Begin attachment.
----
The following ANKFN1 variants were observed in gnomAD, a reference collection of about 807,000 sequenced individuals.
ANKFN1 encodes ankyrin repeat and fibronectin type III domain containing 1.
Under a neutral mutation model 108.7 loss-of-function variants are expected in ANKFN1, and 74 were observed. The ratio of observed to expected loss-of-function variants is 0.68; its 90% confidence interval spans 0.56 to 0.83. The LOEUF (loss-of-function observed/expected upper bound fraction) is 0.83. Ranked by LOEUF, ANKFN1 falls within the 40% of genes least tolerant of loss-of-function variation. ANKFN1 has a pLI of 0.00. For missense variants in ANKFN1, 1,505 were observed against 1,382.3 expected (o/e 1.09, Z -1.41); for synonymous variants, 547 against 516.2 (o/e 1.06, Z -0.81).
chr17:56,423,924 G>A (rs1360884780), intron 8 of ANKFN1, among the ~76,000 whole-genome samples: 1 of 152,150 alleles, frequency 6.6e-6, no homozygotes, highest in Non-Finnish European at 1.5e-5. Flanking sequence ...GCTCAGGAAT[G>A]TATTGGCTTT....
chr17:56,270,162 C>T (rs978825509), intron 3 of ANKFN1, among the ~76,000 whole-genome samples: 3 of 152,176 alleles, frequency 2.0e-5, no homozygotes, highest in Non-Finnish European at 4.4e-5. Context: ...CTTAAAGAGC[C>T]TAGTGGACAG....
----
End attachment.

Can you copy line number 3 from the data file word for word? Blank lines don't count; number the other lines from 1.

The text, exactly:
Under a neutral mutation model 108.7 loss-of-function variants are expected in ANKFN1, and 74 were observed. The ratio of observed to expected loss-of-function variants is 0.68; its 90% confidence interval spans 0.56 to 0.83. The LOEUF (loss-of-function observed/expected upper bound fraction) is 0.83. Ranked by LOEUF, ANKFN1 falls within the 40% of genes least tolerant of loss-of-function variation. ANKFN1 has a pLI of 0.00. For missense variants in ANKFN1, 1,505 were observed against 1,382.3 expected (o/e 1.09, Z -1.41); for synonymous variants, 547 against 516.2 (o/e 1.06, Z -0.81).